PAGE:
Certain important factors that could cause actual results, performances or achievements to differ materially from those in the forward-looking statements include, among others, silver, gold, lead and zinc price volatility, discrepancies between actual and estimated production, mineral reserves and mineral resources and metallurgical recoveries, mining operational and development risks, litigation risks, regulatory restrictions (including environmental regulatory restrictions and liability), changes in national and local government legislation, taxation, controls or regulations and/or change in the administration of laws, policies and practices, expropriation or nationalization of property and political or economic developments in Guatemala, Peru, and Canada, and other jurisdictions in which the Company does or may carry on business in the future, delays, suspension and technical challenges associated with capital projects, higher prices for fuel, steel, power, labor and other consumables, currency fluctuations, the speculative nature of gold exploration, the global economic climate, dilution, share price volatility, competition, loss of key employees, additional funding requirements and defective title to mineral claims or property. Although Tahoe believes its expectations are based upon reasonable assumptions and has attempted to identify important factors that could cause actual actions, events or results to differ materially from those described in forward-looking statements, there may be other factors that cause actions, events or results not to be as anticipated, estimated or intended.
Forward-looking statements are subject to known and unknown risks, uncertainties and other factors that may cause actual results to be materially different from those expressed or implied by such forward-looking statements. Such risks, uncertainties and other factors include but are not limited to; the fluctuation of the price of silver and gold; opposition to development and mining operations by one or more groups of indigenous people; actions that impede or prevent the operations of the Company’s mines; the inability to develop and operate the Company’s mines or projects; social unrest and political or economic instability and uncertainties in the jurisdictions in which the Company operates; the timing and ability to maintain and, where necessary, obtain necessary permits and licenses; changes in national and local government legislation, taxation and controls or regulations; environmental and other governmental regulation compliance; the uncertainty in the estimation of mineral resources and mineral reserves; fluctuations in currency exchange rates; infrastructure risks, including access to roads, water and power and the timing and possible outcome of pending or threatened litigation and the risk of unexpected litigation.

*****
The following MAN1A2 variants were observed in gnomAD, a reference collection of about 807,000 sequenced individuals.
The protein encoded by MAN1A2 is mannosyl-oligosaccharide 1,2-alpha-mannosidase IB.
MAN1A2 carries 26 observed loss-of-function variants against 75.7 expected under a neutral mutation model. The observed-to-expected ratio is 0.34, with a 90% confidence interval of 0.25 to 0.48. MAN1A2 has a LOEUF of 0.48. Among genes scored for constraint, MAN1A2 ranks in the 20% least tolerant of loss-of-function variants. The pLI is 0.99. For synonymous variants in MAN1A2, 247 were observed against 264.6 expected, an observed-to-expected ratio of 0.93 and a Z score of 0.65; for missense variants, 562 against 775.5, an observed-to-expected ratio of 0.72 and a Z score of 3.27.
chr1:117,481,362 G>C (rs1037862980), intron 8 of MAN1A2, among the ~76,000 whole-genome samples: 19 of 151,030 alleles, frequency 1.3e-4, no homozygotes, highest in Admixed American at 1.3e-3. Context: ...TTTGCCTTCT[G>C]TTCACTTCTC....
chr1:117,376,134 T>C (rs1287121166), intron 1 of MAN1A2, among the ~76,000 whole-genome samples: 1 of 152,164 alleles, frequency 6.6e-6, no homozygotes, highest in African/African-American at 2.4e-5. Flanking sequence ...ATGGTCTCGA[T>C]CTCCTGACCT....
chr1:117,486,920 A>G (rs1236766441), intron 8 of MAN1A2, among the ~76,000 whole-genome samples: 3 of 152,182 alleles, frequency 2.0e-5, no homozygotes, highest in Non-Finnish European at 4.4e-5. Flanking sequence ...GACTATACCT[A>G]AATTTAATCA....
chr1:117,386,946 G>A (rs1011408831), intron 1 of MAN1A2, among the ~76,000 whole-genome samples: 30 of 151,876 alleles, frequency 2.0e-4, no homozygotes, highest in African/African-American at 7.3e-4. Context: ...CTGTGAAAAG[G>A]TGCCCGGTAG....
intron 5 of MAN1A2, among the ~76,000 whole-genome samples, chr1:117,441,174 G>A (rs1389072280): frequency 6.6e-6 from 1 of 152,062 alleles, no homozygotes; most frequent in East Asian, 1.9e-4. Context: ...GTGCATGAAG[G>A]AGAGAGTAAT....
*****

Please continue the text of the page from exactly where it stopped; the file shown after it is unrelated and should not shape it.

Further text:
For a more detailed discussion of these and other risks relevant to the Company, see the Company’s Management’s Discussion and Analysis for the second quarter of 2017 filed on SEDAR and with the SEC on August 8, 2017 and our other public filings available on SEDAR at www.sedar.com, on EDGAR at www.sec.gov or on the Company’s website at www.tahoeresources.com.
Although Tahoe has attempted to identify important factors that could cause actual results to differ materially from those contained in forward-looking statements, there may be other factors that cause results not to be as anticipated, estimated or intended. There can be no assurance that such statements will prove to be accurate, as actual results and future events could differ materially from those anticipated in such statements. Accordingly, readers should not place undue reliance on forward-looking statements. Forward-looking statements are made as of the date hereof and, accordingly, are subject to change after such date. Except as otherwise indicated by Tahoe, these statements do not reflect the potential impact of any non-recurring or other special items or of any disposition, monetization, merger, acquisition, other business combination or other transaction that may be announced or that may occur after the date hereof. Forward-looking statements are provided for the purpose of providing information about management’s current expectations and plans and allowing investors and others to get a better understanding of Tahoe’s operating environment. Tahoe does not intend or undertake to publicly update any forward-looking statements that are included in this document, whether as a result of new information, future events or otherwise, except in accordance with applicable securities laws.